The bold principles underlying the children’s green paper and the
Children Bill have much to commend them, but they face formidable
obstacles to their implementation. The bill answered some of the
concerns expressed following the green paper: it is less
prescriptive, the time scales are longer and it implicitly
recognises that what works in one locality may fail in
But the bill could not change the fundamental thrust of the green
paper; namely the necessity of bringing children’s social services,
education and health closer together. And it is precisely here that
the various frictions between established interests are likely to
generate most heat.
On the education side, the teachers’ union Nasuwt has been
particularly vociferous in the past week. Amanda Haehner, chair of
the union’s education committee, attacked the government’s policy
of putting children with special needs in mainstream schools.
“Teachers now view the trend towards greater inclusion with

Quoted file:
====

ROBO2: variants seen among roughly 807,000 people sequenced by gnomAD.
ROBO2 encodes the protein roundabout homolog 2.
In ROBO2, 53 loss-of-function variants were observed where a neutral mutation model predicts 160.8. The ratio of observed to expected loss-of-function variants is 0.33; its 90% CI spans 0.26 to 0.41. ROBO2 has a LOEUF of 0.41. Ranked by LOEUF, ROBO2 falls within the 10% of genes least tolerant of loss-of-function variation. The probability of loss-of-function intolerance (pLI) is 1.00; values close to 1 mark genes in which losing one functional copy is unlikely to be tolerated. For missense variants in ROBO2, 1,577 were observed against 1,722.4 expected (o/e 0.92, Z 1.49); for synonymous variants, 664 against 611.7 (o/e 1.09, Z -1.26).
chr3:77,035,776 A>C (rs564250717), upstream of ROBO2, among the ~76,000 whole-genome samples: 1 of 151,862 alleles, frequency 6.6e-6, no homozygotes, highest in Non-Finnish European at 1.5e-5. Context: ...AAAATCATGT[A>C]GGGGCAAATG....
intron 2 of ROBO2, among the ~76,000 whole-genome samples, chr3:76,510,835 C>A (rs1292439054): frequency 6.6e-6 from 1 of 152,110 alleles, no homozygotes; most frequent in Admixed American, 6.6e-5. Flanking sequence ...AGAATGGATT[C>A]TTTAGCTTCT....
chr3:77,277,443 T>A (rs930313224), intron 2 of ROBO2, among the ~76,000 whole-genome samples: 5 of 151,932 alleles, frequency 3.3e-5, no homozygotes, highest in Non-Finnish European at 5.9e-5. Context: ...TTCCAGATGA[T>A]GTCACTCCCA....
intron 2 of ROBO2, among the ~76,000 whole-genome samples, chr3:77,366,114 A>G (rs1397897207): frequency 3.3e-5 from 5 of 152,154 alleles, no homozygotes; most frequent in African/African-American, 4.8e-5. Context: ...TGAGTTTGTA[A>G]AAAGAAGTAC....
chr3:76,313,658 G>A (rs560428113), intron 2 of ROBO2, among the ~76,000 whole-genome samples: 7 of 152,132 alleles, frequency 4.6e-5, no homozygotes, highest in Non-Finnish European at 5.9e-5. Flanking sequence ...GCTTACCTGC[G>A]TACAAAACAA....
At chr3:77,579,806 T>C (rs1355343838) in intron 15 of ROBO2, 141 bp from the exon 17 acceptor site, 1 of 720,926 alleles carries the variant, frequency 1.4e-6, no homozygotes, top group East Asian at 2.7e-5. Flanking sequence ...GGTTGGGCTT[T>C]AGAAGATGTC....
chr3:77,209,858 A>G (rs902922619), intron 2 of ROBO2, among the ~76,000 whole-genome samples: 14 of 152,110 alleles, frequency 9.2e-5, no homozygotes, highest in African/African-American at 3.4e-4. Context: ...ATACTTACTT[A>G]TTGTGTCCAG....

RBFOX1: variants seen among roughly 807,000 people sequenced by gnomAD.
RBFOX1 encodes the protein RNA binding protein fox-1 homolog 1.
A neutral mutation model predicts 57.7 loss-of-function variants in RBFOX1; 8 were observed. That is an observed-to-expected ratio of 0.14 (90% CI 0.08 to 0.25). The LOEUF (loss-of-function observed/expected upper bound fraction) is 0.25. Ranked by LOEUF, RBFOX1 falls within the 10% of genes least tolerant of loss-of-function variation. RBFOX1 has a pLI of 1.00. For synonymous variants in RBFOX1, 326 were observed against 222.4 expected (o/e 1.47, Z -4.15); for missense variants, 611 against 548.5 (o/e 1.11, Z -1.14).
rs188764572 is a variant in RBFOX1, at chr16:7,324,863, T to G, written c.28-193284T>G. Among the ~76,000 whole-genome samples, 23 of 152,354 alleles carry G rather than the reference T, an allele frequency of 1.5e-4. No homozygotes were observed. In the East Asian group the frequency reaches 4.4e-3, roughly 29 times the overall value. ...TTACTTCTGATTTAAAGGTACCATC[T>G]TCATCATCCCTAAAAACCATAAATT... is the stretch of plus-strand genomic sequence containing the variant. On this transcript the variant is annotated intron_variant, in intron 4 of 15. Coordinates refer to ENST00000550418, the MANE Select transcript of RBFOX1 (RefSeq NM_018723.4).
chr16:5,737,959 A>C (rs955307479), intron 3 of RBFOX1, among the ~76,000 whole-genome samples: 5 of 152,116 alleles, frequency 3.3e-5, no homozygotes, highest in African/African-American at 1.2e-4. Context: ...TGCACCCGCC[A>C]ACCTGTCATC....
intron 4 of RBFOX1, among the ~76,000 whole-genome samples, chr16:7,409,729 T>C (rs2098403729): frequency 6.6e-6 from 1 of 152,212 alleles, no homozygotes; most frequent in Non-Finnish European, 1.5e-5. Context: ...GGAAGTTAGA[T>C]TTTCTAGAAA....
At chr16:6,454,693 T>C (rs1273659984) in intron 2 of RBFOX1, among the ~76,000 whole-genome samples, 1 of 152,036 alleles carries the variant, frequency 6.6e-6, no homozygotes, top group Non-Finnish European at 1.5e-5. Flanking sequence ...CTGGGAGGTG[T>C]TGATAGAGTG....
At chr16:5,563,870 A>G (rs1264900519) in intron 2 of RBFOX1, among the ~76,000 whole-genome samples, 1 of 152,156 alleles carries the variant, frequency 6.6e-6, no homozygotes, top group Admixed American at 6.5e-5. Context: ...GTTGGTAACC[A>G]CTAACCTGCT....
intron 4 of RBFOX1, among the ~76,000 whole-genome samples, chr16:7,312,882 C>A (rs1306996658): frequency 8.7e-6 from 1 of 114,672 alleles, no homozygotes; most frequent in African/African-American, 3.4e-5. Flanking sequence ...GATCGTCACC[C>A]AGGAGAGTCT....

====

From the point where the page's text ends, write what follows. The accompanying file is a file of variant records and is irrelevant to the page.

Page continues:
cynicism,” she said. Such children, she continued, would be better
served by special schools. The message is clear: academic league
tables are the pre-eminent concern and this is incompatible with
children with special needs who are likely to drag down exam pass
With this ethos it is hard to see how the Children Bill’s much
broader inclusion agenda can be made to work. Extended schools with
a commitment to children’s welfare that goes considerably beyond
academic achievement are the centrepiece of the reforms, yet
teachers, the very people with the power to make or break the
policy, have barely begun to buy into it.
There are scarcely better grounds for optimism on the social
services side. In a new survey, more than half of social services
directors said merging social services and education would do
nothing to improve the protection of children from harm and most
pronounced themselves unhappy to serve under an education director
who had been appointed children’s services director. Among
directors’ anxieties is precisely the tendency of the education
system to overlook children at risk.
These are hardly good omens for the Children Bill; it will soon
become law but the battle for hearts and minds has only just begun.